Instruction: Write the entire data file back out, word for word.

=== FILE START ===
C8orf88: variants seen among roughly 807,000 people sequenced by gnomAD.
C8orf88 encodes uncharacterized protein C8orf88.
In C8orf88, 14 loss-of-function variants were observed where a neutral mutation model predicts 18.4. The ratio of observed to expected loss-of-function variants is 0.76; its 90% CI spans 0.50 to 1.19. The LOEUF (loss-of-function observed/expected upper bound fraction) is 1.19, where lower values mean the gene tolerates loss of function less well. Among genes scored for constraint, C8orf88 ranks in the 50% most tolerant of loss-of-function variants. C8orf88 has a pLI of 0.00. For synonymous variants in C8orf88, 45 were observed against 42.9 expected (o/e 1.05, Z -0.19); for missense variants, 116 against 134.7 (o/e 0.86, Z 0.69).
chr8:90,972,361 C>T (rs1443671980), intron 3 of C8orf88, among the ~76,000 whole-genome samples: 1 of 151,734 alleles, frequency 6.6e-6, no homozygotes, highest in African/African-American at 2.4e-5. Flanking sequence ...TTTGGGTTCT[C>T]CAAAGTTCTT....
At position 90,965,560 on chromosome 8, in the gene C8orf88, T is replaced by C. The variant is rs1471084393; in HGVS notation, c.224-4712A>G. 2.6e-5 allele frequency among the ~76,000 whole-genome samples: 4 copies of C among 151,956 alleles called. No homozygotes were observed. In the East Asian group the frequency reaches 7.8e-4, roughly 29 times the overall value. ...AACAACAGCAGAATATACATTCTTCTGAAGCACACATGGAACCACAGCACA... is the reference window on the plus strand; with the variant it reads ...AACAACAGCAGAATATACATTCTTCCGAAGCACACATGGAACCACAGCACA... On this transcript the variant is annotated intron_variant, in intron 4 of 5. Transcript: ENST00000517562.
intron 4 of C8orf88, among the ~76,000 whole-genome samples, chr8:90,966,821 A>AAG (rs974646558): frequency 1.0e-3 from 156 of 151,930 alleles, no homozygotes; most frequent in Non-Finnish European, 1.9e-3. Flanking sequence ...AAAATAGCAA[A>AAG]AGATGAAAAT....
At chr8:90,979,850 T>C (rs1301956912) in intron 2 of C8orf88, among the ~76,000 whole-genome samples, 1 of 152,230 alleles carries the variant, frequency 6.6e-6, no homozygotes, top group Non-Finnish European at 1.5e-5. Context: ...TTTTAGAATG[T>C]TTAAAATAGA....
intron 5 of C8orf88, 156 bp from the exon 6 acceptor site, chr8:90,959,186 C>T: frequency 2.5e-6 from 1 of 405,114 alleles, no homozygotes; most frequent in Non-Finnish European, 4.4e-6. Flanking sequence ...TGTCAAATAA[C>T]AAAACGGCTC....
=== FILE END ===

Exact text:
C8orf88: variants seen among roughly 807,000 people sequenced by gnomAD.
C8orf88 encodes uncharacterized protein C8orf88.
In C8orf88, 14 loss-of-function variants were observed where a neutral mutation model predicts 18.4. The ratio of observed to expected loss-of-function variants is 0.76; its 90% CI spans 0.50 to 1.19. The LOEUF (loss-of-function observed/expected upper bound fraction) is 1.19, where lower values mean the gene tolerates loss of function less well. Among genes scored for constraint, C8orf88 ranks in the 50% most tolerant of loss-of-function variants. C8orf88 has a pLI of 0.00. For synonymous variants in C8orf88, 45 were observed against 42.9 expected (o/e 1.05, Z -0.19); for missense variants, 116 against 134.7 (o/e 0.86, Z 0.69).
chr8:90,972,361 C>T (rs1443671980), intron 3 of C8orf88, among the ~76,000 whole-genome samples: 1 of 151,734 alleles, frequency 6.6e-6, no homozygotes, highest in African/African-American at 2.4e-5. Flanking sequence ...TTTGGGTTCT[C>T]CAAAGTTCTT....
At position 90,965,560 on chromosome 8, in the gene C8orf88, T is replaced by C. The variant is rs1471084393; in HGVS notation, c.224-4712A>G. 2.6e-5 allele frequency among the ~76,000 whole-genome samples: 4 copies of C among 151,956 alleles called. No homozygotes were observed. In the East Asian group the frequency reaches 7.8e-4, roughly 29 times the overall value. ...AACAACAGCAGAATATACATTCTTCTGAAGCACACATGGAACCACAGCACA... is the reference window on the plus strand; with the variant it reads ...AACAACAGCAGAATATACATTCTTCCGAAGCACACATGGAACCACAGCACA... On this transcript the variant is annotated intron_variant, in intron 4 of 5. Transcript: ENST00000517562.
intron 4 of C8orf88, among the ~76,000 whole-genome samples, chr8:90,966,821 A>AAG (rs974646558): frequency 1.0e-3 from 156 of 151,930 alleles, no homozygotes; most frequent in Non-Finnish European, 1.9e-3. Flanking sequence ...AAAATAGCAA[A>AAG]AGATGAAAAT....
At chr8:90,979,850 T>C (rs1301956912) in intron 2 of C8orf88, among the ~76,000 whole-genome samples, 1 of 152,230 alleles carries the variant, frequency 6.6e-6, no homozygotes, top group Non-Finnish European at 1.5e-5. Context: ...TTTTAGAATG[T>C]TTAAAATAGA....
intron 5 of C8orf88, 156 bp from the exon 6 acceptor site, chr8:90,959,186 C>T: frequency 2.5e-6 from 1 of 405,114 alleles, no homozygotes; most frequent in Non-Finnish European, 4.4e-6. Flanking sequence ...TGTCAAATAA[C>T]AAAACGGCTC....